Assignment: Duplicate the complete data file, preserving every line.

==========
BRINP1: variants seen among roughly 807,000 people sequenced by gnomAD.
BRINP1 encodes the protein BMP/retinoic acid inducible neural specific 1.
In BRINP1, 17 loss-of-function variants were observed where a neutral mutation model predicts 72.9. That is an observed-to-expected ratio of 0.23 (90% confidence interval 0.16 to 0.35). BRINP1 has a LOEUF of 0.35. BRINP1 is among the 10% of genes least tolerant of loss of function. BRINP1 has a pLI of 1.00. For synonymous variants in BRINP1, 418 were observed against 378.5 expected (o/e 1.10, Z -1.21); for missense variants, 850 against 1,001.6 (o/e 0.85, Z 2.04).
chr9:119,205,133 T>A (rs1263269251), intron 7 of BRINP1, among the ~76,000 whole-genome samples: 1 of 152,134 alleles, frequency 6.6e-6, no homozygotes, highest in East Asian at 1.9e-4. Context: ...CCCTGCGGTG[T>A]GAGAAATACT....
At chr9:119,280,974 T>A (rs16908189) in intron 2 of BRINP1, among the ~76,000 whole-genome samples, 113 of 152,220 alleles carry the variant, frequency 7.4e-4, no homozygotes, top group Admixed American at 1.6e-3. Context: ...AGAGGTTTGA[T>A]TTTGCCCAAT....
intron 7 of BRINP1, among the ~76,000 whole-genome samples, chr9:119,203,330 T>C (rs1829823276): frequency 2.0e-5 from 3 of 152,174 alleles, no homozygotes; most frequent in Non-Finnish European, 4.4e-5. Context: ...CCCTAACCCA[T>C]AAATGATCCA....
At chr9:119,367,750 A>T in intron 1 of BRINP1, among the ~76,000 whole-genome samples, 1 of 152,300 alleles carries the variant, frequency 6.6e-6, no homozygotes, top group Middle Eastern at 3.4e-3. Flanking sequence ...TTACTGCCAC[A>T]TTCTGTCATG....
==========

BRINP1: variants seen among roughly 807,000 people sequenced by gnomAD.
BRINP1 encodes the protein BMP/retinoic acid inducible neural specific 1.
In BRINP1, 17 loss-of-function variants were observed where a neutral mutation model predicts 72.9. That is an observed-to-expected ratio of 0.23 (90% confidence interval 0.16 to 0.35). BRINP1 has a LOEUF of 0.35. BRINP1 is among the 10% of genes least tolerant of loss of function. BRINP1 has a pLI of 1.00. For synonymous variants in BRINP1, 418 were observed against 378.5 expected (o/e 1.10, Z -1.21); for missense variants, 850 against 1,001.6 (o/e 0.85, Z 2.04).
chr9:119,205,133 T>A (rs1263269251), intron 7 of BRINP1, among the ~76,000 whole-genome samples: 1 of 152,134 alleles, frequency 6.6e-6, no homozygotes, highest in East Asian at 1.9e-4. Context: ...CCCTGCGGTG[T>A]GAGAAATACT....
At chr9:119,280,974 T>A (rs16908189) in intron 2 of BRINP1, among the ~76,000 whole-genome samples, 113 of 152,220 alleles carry the variant, frequency 7.4e-4, no homozygotes, top group Admixed American at 1.6e-3. Context: ...AGAGGTTTGA[T>A]TTTGCCCAAT....
intron 7 of BRINP1, among the ~76,000 whole-genome samples, chr9:119,203,330 T>C (rs1829823276): frequency 2.0e-5 from 3 of 152,174 alleles, no homozygotes; most frequent in Non-Finnish European, 4.4e-5. Context: ...CCCTAACCCA[T>C]AAATGATCCA....
At chr9:119,367,750 A>T in intron 1 of BRINP1, among the ~76,000 whole-genome samples, 1 of 152,300 alleles carries the variant, frequency 6.6e-6, no homozygotes, top group Middle Eastern at 3.4e-3. Flanking sequence ...TTACTGCCAC[A>T]TTCTGTCATG....